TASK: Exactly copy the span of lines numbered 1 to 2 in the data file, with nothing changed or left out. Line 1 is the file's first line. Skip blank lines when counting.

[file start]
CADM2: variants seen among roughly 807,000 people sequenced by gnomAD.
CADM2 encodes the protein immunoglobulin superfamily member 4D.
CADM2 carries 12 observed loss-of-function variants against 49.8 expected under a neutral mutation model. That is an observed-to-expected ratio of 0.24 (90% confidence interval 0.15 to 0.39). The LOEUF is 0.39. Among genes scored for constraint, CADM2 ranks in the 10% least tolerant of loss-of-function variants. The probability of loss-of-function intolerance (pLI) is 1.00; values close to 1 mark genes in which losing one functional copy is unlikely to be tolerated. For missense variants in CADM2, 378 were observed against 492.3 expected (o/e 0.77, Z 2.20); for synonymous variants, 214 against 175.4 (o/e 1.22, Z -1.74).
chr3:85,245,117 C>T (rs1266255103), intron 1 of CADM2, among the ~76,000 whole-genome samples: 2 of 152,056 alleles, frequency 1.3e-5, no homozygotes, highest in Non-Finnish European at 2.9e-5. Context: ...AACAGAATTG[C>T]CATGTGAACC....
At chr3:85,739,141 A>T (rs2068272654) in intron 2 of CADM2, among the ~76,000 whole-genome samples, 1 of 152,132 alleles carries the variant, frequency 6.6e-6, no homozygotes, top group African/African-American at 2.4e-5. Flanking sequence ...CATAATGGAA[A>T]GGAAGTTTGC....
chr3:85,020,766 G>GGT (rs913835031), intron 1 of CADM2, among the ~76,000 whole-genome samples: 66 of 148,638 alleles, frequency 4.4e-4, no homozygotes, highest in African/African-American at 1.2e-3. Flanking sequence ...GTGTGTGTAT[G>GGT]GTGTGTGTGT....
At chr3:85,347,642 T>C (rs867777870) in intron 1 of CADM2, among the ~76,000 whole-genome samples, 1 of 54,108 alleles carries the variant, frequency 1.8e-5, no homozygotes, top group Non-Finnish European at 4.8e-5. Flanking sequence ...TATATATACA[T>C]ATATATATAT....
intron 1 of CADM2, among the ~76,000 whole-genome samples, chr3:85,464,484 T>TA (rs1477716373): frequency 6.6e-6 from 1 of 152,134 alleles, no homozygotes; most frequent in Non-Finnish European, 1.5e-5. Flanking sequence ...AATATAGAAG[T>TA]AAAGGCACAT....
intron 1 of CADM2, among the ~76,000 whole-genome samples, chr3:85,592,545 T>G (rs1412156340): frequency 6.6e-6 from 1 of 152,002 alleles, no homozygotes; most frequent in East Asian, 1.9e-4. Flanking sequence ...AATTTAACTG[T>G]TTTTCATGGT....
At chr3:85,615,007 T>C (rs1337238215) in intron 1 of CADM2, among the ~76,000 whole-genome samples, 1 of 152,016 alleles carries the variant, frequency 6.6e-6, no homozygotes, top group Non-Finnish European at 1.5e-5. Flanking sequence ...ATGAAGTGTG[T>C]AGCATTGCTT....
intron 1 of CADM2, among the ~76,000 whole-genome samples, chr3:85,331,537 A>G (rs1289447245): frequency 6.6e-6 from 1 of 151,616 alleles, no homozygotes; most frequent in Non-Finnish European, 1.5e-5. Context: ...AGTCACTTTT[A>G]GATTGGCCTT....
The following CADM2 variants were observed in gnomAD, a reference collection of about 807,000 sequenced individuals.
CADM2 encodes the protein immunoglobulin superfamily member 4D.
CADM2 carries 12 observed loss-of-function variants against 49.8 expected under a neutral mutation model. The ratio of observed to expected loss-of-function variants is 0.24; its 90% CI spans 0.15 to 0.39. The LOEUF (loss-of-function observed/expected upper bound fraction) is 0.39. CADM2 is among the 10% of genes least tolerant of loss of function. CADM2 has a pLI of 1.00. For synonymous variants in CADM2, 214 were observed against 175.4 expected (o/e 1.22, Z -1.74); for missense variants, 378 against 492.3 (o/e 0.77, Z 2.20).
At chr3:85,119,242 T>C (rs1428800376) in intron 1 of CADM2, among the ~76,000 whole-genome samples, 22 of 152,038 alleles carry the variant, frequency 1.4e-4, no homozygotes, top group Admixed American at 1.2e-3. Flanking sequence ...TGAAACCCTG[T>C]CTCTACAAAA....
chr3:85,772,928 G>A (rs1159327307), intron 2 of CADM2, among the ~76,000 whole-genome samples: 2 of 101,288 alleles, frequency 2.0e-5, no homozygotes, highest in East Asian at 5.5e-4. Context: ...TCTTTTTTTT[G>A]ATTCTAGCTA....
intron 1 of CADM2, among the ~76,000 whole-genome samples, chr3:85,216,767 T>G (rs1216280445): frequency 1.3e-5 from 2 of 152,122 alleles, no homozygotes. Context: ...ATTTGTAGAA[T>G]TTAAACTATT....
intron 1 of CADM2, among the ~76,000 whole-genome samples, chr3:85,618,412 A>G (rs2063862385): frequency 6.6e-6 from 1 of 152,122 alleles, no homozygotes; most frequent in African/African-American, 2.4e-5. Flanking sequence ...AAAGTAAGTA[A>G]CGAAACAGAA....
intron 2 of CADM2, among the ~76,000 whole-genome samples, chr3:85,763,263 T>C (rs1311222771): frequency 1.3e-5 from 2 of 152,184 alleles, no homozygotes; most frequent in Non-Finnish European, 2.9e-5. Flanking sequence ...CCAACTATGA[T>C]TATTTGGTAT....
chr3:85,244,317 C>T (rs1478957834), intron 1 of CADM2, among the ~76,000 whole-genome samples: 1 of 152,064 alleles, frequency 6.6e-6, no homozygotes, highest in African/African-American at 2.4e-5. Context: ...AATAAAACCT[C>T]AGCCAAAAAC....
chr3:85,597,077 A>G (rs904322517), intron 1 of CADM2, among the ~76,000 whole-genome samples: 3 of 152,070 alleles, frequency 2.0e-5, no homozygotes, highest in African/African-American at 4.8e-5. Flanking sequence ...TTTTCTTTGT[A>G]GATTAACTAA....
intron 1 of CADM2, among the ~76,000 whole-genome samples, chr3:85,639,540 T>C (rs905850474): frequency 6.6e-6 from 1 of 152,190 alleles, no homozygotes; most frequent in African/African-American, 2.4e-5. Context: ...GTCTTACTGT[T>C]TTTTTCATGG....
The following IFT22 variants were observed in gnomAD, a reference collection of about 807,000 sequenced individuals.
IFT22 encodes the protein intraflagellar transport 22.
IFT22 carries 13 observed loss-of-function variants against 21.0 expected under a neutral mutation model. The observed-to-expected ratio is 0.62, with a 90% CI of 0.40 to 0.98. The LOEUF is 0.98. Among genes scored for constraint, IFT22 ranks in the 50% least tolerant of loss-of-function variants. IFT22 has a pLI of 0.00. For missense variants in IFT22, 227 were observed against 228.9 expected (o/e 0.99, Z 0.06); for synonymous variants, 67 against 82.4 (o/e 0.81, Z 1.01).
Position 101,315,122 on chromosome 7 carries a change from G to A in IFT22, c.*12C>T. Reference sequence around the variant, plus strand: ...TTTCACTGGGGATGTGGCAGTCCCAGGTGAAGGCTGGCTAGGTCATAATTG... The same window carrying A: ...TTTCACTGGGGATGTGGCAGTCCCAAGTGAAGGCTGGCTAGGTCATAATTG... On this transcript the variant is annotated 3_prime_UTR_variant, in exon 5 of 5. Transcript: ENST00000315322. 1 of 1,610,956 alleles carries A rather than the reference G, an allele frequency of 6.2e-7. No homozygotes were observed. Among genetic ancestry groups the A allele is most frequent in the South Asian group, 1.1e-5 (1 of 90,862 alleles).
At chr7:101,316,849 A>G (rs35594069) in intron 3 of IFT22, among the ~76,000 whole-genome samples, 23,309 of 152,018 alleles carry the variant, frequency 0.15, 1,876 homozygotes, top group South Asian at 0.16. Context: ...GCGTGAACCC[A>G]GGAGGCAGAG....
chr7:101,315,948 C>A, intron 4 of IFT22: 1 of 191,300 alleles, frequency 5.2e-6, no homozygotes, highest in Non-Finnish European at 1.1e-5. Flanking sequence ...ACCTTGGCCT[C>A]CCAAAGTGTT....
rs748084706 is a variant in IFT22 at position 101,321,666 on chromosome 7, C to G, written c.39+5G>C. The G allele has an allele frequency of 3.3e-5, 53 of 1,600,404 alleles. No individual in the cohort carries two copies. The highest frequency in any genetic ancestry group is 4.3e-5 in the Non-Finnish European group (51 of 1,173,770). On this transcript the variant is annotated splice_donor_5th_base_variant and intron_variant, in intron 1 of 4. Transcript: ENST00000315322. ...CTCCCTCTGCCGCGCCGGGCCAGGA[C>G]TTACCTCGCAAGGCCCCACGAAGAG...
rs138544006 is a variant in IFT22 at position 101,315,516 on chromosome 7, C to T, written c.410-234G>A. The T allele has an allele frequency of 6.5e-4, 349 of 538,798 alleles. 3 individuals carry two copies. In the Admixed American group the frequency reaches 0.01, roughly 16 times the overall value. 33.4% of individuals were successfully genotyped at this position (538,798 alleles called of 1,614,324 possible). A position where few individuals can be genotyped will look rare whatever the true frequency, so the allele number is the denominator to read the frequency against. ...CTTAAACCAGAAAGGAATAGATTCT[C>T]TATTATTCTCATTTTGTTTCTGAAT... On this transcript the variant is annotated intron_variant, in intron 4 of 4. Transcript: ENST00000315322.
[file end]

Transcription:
CADM2: variants seen among roughly 807,000 people sequenced by gnomAD.
CADM2 encodes the protein immunoglobulin superfamily member 4D.